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UK officials link North Korea to WannaCry attack that hit the NHS

The National Cyber Security Centre (NCSC) has linked North Korea to the WannaCry virus that paralysed parts of the NHS in May, an intelligence official has told NS Tech.

The investigation corroborates the findings of America’s National Security Agency (NSA), which traced the ransomware back to the Lazarus Group.

The cyber gang orchestrated an attack on Sony Picture in 2014 ahead of the release of the Interview, a satire of North Korea’s leadership.

NCSC, a new division of GCHQ, has not established whether the WannaCry attack was sanctioned by government officials. But the Washington Post has reported that the NSA was moderately confident that North Korea’s spy agency was responsible.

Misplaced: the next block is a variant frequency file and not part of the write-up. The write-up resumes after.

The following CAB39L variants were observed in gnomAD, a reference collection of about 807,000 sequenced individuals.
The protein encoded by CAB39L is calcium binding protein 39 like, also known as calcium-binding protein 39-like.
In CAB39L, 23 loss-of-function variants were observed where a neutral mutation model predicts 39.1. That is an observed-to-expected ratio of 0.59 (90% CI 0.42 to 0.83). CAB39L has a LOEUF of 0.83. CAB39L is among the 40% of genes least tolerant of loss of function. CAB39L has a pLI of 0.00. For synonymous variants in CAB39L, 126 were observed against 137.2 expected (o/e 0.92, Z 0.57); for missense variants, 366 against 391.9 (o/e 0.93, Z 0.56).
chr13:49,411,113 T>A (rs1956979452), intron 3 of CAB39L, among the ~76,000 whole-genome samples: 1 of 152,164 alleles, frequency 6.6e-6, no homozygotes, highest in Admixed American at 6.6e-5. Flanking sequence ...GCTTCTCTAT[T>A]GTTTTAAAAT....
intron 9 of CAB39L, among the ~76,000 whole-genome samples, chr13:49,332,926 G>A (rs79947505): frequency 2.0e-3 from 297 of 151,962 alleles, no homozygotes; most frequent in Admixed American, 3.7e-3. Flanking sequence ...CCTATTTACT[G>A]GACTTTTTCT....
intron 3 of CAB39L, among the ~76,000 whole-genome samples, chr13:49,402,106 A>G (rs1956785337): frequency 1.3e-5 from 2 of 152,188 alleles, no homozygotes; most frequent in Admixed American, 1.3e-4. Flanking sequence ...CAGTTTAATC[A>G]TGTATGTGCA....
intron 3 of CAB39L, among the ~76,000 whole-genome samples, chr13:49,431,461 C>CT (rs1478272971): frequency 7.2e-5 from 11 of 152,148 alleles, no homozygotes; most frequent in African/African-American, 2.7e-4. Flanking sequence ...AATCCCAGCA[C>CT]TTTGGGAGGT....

The revelations come weeks after researchers at Kaspersky and Symantec identified similarities between the malware’s code and code previously deployed by North Korea.

The WannaCry malware locked down the systems of several NHS Trusts and thousands more organisations before it was brought to a halt by a 22-year-old cybersecurity researcher from England.

The malware demanded that victims pay the equivalent of $300 (£235) in bitcoin to unlock their systems.

But if the hackers were motivated by the prospect of making money for the North Korean government, their efforts have failed.

An operational error made any transactions traceable, meaning online currency exchanges would refuse to cash the bitcoin.